A shallow 6.4-magnitude earthquake struck China's far western region of Xinjiang on Friday, the US Geological Survey said, with at least three people killed according to Chinese officials.
The epicentre was in Pishan county, 164 kilometres (102 miles) northwest of the city of Hotan and 131 kilometres southeast of Shache, known as Yarkand in Uighur, the language of the local mainly Muslim minority.
It was 20 kilometres deep according to USGS, which initially gave the magnitude as 6.1. A series of aftershocks followed with the strongest measuring 4.8, it said.
The area is on the edge of the Taklamakan desert, but the China Earthquake Administration said three people had died in Pishan, which has a population of 258,000, mainly Uighurs.
Li Hua, a worker at a state-owned farm in Pishan, told the official news agency Xinhua that he felt the quake strongly, with his fourth-floor apartment shaking for about a minute.
"I'm feeling dizzy," the report cited Li as saying.
The China Earthquake Network Centre gave the magnitude as 6.5.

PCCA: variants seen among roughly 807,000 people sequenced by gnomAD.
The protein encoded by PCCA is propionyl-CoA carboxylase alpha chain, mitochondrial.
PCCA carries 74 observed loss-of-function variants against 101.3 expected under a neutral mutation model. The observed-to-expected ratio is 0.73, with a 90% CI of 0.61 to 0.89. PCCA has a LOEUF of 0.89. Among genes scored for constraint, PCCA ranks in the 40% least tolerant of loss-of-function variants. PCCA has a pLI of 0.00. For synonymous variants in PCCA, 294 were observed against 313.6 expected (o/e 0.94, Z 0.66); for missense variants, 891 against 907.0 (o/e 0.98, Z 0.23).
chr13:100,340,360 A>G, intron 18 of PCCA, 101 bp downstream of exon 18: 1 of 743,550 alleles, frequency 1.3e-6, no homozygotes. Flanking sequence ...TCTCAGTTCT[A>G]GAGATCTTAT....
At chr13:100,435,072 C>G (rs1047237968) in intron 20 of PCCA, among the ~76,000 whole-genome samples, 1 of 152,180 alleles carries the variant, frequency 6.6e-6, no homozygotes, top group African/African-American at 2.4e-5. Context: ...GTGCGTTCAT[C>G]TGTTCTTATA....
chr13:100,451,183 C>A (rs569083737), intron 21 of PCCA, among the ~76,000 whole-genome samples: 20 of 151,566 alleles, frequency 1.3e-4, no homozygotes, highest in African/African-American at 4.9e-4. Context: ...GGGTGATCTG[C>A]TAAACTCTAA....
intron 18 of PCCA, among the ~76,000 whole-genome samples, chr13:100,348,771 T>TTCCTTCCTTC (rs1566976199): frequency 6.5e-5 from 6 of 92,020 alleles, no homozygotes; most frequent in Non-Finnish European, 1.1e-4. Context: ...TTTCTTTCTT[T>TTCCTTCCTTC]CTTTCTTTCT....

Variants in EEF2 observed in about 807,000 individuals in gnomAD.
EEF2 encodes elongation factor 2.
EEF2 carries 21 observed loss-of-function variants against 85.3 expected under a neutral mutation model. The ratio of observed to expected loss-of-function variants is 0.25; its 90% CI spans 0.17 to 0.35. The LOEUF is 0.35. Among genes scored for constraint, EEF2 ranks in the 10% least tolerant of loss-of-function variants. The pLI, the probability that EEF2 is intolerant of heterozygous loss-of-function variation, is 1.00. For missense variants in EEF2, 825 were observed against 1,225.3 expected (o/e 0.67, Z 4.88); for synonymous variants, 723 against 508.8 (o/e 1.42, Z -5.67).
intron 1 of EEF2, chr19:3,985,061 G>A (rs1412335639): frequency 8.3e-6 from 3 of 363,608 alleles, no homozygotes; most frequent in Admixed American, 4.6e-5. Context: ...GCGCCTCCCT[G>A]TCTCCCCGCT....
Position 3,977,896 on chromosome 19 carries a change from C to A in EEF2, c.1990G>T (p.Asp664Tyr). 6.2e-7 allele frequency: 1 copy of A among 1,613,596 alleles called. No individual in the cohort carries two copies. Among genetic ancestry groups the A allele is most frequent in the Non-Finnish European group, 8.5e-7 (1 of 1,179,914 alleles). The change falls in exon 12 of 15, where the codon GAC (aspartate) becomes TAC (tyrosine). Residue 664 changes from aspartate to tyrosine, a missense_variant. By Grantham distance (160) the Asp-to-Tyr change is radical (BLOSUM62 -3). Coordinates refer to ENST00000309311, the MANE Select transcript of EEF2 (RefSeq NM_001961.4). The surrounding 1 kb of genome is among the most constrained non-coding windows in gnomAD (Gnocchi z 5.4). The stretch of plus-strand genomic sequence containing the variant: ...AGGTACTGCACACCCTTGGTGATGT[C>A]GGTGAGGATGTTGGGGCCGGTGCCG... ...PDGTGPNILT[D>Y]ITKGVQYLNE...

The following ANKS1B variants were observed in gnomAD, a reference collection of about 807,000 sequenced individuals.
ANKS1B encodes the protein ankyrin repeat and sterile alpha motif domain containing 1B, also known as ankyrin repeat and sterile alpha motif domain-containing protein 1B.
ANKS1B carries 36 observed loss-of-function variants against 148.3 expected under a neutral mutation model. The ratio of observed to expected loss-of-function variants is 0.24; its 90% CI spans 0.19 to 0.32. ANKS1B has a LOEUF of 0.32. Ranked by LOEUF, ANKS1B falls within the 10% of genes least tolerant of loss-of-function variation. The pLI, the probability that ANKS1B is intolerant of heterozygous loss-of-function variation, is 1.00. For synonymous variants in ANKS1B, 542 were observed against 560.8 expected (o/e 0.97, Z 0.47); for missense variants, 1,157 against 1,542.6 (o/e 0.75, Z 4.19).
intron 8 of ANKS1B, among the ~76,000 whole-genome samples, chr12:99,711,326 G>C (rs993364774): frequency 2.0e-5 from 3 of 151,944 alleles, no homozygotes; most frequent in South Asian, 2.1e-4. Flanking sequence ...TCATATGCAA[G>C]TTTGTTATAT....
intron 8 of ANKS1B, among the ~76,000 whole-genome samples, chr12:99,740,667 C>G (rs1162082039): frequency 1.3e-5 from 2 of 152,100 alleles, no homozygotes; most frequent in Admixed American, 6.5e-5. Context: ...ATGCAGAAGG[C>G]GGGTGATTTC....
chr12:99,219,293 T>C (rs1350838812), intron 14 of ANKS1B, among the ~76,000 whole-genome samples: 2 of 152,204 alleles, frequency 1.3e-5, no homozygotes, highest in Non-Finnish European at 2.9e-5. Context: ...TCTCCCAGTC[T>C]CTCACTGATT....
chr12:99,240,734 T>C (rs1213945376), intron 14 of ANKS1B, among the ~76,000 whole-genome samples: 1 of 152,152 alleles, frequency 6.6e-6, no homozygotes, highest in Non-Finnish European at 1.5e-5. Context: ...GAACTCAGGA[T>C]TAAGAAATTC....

China is regularly hit by earthquakes, particularly in its southwestern provinces of Sichuan and Yunnan.
Neighbouring Nepal, on the other side of the Himalayas, was hit by a devastating tremor in April which killed more than 8,800 people.
In May 2008, a 7.9 magnitude quake rocked Sichuan, killing more than 80,000 people and flattening swathes of the province in China's worst earthquake for more than three decades.
Last October, hundreds of people were injured and more than 100,000 displaced after a shallow 6.0 magnitude tremor hit Yunnan province, close to China's borders with Myanmar and Laos.
And last August, a 6.1-magnitude quake struck Yunnan, killing more than 600 people.